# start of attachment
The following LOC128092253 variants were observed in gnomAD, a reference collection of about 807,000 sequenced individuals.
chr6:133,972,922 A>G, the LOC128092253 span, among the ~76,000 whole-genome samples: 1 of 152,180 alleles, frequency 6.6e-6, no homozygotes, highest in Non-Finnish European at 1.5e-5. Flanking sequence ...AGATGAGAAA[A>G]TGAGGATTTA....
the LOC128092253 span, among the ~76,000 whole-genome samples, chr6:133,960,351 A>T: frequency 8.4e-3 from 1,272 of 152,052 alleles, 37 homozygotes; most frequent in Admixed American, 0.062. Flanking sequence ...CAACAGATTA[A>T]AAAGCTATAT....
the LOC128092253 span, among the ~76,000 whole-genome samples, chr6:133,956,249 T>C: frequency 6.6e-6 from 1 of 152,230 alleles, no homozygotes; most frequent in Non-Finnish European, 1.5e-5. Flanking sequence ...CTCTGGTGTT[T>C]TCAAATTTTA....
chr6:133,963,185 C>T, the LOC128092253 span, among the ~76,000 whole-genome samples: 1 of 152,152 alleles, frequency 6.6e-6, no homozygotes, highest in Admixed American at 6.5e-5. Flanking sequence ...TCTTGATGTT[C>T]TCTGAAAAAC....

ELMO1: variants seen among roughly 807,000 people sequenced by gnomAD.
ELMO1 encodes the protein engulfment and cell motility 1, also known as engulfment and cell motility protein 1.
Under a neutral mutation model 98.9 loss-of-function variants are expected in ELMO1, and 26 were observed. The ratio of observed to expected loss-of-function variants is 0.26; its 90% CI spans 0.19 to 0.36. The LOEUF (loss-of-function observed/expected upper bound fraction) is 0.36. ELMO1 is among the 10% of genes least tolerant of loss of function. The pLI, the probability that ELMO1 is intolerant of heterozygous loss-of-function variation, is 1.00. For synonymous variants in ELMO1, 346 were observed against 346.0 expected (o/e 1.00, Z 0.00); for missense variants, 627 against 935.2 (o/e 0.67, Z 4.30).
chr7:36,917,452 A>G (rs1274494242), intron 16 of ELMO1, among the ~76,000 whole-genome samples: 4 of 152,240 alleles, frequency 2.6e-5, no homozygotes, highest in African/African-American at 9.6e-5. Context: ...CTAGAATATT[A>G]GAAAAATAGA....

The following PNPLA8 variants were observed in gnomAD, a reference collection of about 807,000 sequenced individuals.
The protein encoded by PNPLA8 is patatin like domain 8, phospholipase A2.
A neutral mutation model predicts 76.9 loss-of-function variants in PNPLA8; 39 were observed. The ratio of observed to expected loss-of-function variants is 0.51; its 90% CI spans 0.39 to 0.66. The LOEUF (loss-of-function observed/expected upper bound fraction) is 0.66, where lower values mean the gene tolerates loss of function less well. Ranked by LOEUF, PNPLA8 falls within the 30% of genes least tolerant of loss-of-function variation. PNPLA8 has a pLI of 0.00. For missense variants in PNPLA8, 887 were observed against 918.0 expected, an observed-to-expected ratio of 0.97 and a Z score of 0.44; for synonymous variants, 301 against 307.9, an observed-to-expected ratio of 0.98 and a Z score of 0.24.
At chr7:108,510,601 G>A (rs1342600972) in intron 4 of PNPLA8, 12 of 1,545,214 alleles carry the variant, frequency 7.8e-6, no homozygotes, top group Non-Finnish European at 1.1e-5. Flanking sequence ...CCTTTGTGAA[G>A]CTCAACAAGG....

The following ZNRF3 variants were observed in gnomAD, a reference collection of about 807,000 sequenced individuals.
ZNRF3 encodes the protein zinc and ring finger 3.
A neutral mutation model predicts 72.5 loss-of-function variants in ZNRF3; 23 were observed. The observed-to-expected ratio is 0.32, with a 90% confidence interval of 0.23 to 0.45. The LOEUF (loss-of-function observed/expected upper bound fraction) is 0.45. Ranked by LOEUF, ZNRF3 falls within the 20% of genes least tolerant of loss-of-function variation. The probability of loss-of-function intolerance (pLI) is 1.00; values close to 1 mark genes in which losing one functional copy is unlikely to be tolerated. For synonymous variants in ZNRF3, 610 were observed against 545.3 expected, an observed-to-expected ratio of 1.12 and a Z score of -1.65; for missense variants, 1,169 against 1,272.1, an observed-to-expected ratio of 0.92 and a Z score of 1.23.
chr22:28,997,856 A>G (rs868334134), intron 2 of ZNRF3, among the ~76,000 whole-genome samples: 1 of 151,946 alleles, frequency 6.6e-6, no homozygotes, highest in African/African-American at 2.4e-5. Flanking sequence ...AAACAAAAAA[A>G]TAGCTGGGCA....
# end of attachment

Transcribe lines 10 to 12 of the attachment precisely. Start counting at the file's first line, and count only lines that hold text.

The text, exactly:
The following PNPLA8 variants were observed in gnomAD, a reference collection of about 807,000 sequenced individuals.
The protein encoded by PNPLA8 is patatin like domain 8, phospholipase A2.
A neutral mutation model predicts 76.9 loss-of-function variants in PNPLA8; 39 were observed. The ratio of observed to expected loss-of-function variants is 0.51; its 90% CI spans 0.39 to 0.66. The LOEUF (loss-of-function observed/expected upper bound fraction) is 0.66, where lower values mean the gene tolerates loss of function less well. Ranked by LOEUF, PNPLA8 falls within the 30% of genes least tolerant of loss-of-function variation. PNPLA8 has a pLI of 0.00. For missense variants in PNPLA8, 887 were observed against 918.0 expected, an observed-to-expected ratio of 0.97 and a Z score of 0.44; for synonymous variants, 301 against 307.9, an observed-to-expected ratio of 0.98 and a Z score of 0.24.